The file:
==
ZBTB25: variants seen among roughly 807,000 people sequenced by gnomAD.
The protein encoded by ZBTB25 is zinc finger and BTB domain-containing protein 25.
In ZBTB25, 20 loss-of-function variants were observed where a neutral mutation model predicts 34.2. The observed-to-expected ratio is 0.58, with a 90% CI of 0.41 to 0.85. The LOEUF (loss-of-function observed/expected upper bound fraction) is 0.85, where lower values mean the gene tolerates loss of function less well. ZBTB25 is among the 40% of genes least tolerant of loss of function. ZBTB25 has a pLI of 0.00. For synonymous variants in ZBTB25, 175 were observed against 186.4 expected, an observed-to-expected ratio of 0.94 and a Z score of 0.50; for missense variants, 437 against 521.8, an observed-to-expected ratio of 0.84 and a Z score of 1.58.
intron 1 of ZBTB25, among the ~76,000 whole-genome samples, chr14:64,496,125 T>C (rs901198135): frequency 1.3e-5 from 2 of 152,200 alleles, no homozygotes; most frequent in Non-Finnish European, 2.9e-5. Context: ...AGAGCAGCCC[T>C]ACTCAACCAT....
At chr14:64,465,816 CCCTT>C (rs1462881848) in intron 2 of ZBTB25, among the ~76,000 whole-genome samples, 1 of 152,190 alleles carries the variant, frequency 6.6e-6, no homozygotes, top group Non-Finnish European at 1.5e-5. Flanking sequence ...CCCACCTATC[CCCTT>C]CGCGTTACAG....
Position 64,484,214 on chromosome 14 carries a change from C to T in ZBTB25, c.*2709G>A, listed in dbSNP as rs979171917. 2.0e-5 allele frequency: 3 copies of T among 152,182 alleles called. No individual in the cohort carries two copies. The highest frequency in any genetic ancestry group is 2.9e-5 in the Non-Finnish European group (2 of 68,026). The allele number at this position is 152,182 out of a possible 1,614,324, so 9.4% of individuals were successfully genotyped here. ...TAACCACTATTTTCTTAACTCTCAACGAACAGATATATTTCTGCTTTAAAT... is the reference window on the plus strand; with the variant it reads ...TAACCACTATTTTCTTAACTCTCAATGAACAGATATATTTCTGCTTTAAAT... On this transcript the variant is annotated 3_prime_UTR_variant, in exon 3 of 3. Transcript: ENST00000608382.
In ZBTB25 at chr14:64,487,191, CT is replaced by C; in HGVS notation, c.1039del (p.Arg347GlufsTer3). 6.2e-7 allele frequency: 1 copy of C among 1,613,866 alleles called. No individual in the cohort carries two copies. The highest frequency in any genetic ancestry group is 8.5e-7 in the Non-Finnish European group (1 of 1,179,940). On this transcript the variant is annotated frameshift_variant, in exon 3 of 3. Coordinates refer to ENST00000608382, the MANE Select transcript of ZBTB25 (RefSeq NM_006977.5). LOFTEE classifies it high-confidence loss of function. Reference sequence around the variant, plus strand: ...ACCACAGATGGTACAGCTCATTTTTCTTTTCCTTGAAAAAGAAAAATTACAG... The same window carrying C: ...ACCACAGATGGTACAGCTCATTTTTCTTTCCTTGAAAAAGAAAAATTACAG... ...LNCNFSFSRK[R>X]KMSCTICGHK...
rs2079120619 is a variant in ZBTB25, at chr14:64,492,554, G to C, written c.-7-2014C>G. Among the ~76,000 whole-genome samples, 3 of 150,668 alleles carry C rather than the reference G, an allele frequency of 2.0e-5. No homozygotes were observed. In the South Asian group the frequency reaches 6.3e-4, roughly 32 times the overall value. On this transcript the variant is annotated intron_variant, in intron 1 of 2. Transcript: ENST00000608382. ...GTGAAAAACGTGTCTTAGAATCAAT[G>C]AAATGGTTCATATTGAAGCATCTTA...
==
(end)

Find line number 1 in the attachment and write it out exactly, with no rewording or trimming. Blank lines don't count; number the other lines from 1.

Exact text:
ZBTB25: variants seen among roughly 807,000 people sequenced by gnomAD.